As I have become more comfortable in my entrepreneurial skin, I have also become thankful for where I am. I still identify myself as a pastor, if by “pastor” you mean passionate disciple who is also a leader in the Church and community. I know that God has called me to do more than just go to church and be occasionally involved in a ministry program, but my vision for his work has expanded beyond the walls of the church. Most of God’s activity that I see around me is not through the direct work of a church initiative. Though I’m not as active in my church’s ministry programming these days, I am more active in his work in the community than ever before.
I have also found many parallels between hiking the trail and following Jesus. When on the trail, I feel “lost” in the woods, misplaced from the civilized world, but incredibly “at home” at the same time. When am I truly misplaced… in the forest or in my office?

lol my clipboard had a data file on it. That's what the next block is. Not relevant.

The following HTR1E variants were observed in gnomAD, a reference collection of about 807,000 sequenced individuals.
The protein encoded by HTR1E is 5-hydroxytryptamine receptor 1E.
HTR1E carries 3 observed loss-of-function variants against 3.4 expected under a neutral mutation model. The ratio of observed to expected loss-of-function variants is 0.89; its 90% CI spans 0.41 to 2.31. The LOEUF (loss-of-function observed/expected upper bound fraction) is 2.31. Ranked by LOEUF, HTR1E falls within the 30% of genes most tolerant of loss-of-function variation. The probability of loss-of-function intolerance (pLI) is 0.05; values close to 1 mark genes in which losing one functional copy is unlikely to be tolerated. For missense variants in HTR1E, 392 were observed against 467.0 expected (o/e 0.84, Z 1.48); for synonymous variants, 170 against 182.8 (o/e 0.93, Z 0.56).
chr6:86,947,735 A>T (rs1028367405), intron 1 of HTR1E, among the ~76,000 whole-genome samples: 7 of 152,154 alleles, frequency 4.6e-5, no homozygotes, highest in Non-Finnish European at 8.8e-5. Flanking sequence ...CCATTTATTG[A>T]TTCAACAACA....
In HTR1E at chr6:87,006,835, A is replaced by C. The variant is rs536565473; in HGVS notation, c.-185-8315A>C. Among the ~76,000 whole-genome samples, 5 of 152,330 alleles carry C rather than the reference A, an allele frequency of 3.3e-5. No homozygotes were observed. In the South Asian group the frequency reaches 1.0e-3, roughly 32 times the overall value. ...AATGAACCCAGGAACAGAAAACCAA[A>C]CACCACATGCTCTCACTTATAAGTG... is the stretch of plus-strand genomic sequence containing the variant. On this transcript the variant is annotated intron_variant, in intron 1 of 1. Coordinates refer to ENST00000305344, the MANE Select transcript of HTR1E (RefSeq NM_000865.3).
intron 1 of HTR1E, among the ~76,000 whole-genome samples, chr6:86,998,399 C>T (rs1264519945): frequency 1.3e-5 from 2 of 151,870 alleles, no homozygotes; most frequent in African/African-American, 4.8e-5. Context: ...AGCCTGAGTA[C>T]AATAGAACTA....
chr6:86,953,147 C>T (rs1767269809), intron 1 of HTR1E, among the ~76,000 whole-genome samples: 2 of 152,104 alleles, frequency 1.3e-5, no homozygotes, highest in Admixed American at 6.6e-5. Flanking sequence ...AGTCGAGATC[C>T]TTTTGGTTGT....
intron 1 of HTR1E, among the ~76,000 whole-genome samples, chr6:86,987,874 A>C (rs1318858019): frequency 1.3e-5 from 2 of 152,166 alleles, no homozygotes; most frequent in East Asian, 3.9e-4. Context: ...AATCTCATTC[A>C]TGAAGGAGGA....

The journey is full of tension, whether it’s the journey from vocational ministry to business, from civilization to the forest, or from the fishing boat to the early Church. The reality of following Jesus is that we will always feel misplaced on this side of eternity. Our ultimate call is not to ministry or to business, but to faithfully follow the one who calls… regardless of where the trail leads or how the journey redefines us.
I am happy to be misplaced.